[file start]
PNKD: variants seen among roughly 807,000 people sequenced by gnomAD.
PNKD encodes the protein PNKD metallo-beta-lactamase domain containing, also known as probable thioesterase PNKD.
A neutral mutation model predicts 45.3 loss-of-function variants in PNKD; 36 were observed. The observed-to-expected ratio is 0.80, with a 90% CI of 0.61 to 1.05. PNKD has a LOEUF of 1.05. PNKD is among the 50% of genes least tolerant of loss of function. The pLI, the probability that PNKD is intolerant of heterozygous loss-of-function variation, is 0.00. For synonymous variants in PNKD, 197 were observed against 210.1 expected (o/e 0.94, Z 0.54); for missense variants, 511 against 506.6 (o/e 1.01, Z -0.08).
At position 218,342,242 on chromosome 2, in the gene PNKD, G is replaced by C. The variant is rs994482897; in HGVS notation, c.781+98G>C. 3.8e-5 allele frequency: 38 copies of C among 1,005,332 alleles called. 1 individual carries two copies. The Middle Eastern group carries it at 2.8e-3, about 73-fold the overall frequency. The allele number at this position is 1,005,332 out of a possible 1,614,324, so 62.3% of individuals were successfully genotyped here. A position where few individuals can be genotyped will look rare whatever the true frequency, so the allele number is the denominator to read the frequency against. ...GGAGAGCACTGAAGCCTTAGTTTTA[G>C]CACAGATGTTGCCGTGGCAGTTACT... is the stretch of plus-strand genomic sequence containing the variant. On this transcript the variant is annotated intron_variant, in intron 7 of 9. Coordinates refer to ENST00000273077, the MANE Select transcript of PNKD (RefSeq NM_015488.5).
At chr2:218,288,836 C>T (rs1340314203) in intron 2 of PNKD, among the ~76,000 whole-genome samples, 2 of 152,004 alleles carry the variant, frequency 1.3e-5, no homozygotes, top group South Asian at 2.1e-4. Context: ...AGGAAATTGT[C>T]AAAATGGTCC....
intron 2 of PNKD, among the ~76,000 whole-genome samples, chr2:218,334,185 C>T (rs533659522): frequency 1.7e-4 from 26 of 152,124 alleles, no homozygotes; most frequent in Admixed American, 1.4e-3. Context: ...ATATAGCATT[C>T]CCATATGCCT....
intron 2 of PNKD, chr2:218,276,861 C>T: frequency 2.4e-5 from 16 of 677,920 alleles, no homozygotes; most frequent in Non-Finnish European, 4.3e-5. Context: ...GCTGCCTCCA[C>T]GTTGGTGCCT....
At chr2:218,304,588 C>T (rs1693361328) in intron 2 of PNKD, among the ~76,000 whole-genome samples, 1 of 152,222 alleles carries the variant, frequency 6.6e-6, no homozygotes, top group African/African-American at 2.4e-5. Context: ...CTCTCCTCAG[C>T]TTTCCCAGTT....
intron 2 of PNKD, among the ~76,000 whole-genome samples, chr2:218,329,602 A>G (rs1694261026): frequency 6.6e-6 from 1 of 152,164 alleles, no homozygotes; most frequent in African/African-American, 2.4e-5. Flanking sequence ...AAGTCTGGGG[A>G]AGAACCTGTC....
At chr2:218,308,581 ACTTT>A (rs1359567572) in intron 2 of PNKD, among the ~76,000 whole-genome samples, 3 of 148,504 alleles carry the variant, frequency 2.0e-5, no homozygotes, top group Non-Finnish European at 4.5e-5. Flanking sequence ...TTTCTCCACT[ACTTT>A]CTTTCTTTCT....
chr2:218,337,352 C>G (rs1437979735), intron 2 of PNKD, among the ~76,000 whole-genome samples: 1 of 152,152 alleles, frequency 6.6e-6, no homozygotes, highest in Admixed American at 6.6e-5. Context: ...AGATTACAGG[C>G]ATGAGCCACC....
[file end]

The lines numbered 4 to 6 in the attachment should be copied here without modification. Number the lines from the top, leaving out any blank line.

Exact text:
At position 218,342,242 on chromosome 2, in the gene PNKD, G is replaced by C. The variant is rs994482897; in HGVS notation, c.781+98G>C. 3.8e-5 allele frequency: 38 copies of C among 1,005,332 alleles called. 1 individual carries two copies. The Middle Eastern group carries it at 2.8e-3, about 73-fold the overall frequency. The allele number at this position is 1,005,332 out of a possible 1,614,324, so 62.3% of individuals were successfully genotyped here. A position where few individuals can be genotyped will look rare whatever the true frequency, so the allele number is the denominator to read the frequency against. ...GGAGAGCACTGAAGCCTTAGTTTTA[G>C]CACAGATGTTGCCGTGGCAGTTACT... is the stretch of plus-strand genomic sequence containing the variant. On this transcript the variant is annotated intron_variant, in intron 7 of 9. Coordinates refer to ENST00000273077, the MANE Select transcript of PNKD (RefSeq NM_015488.5).
At chr2:218,288,836 C>T (rs1340314203) in intron 2 of PNKD, among the ~76,000 whole-genome samples, 2 of 152,004 alleles carry the variant, frequency 1.3e-5, no homozygotes, top group South Asian at 2.1e-4. Context: ...AGGAAATTGT[C>T]AAAATGGTCC....
intron 2 of PNKD, among the ~76,000 whole-genome samples, chr2:218,334,185 C>T (rs533659522): frequency 1.7e-4 from 26 of 152,124 alleles, no homozygotes; most frequent in Admixed American, 1.4e-3. Context: ...ATATAGCATT[C>T]CCATATGCCT....